With an ever-increasing global community and increased ease of movement between states and countries, it is common for one parent to seek to relocate either interstate or overseas following the separation from their partner. This is especially the case in circumstances where a parent’s family are located interstate or overseas or if a new job opportunity arises elsewhere.
When a parent is considering a relocation application, the Court must weigh and balance the children’s best interests with the proposed relocating parent’s freedom of movement.
This issue recently arose in Kerson & Blake  FamCAFC 215, whereby a mother successfully appealed an Order which provided that her children were to live with their father if she relocated to the United States.
In this case, the mother and father and their two children were US citizens who moved to Canberra in July 2012.
The parties separated in 2015, but continued to successfully cooperate in a shared care arrangement for the children.
In July 2017, the mother applied for Orders which would permit her to relocate with the children to the US. She intended to move to the US with or without the children. The father opposed the Application and contended that the children should remain living in Canberra.
The relationship between the parties deteriorated after separation to the point where their communication was conducted in writing only.
The Family Report stated that both parties were ‘loving and committed care givers and, individually, they appear to be motivated and well-intended in regard to the responsibilities of parenthood.’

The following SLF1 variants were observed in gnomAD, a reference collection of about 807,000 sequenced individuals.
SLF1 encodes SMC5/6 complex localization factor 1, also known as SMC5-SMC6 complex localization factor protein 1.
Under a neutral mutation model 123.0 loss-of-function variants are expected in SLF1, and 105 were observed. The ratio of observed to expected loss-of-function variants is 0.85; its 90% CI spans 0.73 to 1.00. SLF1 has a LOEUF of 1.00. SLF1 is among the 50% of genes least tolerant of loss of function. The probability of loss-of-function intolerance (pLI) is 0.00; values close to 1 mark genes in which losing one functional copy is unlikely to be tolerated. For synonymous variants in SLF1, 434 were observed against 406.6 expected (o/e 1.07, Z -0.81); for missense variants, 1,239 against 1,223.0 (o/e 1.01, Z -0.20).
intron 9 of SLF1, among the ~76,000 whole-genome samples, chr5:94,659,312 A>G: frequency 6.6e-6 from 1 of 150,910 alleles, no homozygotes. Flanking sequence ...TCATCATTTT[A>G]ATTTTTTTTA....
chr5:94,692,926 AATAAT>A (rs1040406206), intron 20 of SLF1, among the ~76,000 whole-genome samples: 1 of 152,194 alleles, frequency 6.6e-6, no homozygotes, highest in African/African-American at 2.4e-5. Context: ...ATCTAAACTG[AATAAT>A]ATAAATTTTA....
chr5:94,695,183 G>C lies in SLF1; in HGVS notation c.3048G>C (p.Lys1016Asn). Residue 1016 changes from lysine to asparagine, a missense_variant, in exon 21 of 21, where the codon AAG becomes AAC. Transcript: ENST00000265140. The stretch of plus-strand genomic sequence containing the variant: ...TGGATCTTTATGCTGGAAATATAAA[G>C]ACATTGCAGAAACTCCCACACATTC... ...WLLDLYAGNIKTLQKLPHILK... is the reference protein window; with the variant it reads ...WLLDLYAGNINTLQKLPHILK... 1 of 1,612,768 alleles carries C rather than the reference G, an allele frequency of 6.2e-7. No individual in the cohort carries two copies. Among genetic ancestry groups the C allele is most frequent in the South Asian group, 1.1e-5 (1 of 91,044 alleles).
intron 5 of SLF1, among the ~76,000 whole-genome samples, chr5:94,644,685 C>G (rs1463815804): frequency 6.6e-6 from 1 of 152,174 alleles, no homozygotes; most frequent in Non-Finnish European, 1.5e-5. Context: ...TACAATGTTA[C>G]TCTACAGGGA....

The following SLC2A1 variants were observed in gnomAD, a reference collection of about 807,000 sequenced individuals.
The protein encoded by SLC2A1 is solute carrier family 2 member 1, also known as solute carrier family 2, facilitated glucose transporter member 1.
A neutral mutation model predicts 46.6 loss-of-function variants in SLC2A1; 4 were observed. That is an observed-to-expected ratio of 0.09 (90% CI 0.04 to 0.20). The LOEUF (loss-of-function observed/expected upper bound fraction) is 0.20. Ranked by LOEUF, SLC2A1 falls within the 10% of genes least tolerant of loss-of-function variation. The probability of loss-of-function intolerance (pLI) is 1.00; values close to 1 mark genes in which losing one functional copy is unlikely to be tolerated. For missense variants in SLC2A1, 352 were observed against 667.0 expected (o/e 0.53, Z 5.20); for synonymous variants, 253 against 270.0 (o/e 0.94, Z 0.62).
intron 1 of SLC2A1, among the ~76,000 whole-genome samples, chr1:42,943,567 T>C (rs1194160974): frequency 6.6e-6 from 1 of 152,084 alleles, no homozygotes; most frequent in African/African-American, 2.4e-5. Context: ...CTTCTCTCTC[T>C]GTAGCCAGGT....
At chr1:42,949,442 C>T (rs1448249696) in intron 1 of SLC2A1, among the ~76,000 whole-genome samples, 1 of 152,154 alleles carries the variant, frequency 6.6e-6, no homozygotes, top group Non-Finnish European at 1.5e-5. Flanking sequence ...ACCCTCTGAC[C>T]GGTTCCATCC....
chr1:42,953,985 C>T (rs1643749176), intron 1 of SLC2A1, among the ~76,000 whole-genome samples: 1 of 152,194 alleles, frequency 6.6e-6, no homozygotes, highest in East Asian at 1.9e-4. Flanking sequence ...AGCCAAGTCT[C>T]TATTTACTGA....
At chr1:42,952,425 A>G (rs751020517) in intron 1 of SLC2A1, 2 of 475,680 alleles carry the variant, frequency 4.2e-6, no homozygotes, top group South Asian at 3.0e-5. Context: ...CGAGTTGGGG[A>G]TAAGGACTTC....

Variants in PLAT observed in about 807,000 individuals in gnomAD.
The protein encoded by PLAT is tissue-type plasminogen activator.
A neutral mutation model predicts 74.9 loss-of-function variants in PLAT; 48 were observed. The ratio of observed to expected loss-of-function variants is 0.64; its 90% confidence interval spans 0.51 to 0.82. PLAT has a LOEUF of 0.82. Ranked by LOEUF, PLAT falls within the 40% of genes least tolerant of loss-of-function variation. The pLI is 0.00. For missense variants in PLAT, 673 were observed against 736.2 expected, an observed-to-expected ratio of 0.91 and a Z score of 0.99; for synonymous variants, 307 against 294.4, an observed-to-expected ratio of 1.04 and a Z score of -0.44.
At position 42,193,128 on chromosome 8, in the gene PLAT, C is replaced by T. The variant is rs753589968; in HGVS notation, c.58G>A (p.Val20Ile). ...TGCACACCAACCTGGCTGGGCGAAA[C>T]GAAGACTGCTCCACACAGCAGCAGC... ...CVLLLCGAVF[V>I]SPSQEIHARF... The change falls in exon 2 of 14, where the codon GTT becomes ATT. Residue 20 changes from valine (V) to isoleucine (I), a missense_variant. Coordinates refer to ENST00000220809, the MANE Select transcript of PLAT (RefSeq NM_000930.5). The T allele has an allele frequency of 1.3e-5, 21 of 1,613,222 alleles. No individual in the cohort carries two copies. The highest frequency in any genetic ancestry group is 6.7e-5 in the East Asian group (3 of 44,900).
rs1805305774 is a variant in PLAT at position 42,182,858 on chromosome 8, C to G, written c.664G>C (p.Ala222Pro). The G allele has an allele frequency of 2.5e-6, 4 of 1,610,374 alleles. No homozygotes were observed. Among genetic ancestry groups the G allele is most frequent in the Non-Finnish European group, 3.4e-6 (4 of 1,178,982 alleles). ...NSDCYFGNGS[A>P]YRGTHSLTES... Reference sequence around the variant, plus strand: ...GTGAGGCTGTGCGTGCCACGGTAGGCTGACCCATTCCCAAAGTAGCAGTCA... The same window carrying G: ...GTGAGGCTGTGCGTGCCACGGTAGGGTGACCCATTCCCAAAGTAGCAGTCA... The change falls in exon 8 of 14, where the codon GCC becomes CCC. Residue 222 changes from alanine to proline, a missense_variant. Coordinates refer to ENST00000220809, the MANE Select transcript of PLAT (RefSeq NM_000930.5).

On 4 May 2018, the Trial Judge ordered that the parties have equal shared parental responsibility and, in the event that the mother relocated from Canberra, that the children live with the father.
The decision was based on the Trial Judge’s opinion that the father was likely to better support the children’s relationship with the mother.
Basis for Appeal
The mother appealed on the basis that the Trial judge erred in finding that the father would better support and facilitate the children’s relationship with the mother compared to her capacity to support and facilitate the children’s relationship with the father.
It was held that the Trial Judge placed determinative weight on one occasion when the mother failed to facilitate communication between the children and the father, rather than considering the mother’s evidence as a whole.
The appeal was allowed, and the case remitted for re-hearing.
When separated parents want to move interstate or overseas (whether for family support, work, a new relationship or even just a desire for a change of scenery) and the other parent opposes the children’s relocation, the relocating parent must make an Application to the Federal Circuit Court of Australia or Family Court of Australia (if international relocation is proposed) to obtain Final Orders permitting the relocation.
Nicholes Family Lawyers has specialist expertise in helping parents to relocate with their children, or resisting the other parent’s relocation within Australia and overseas.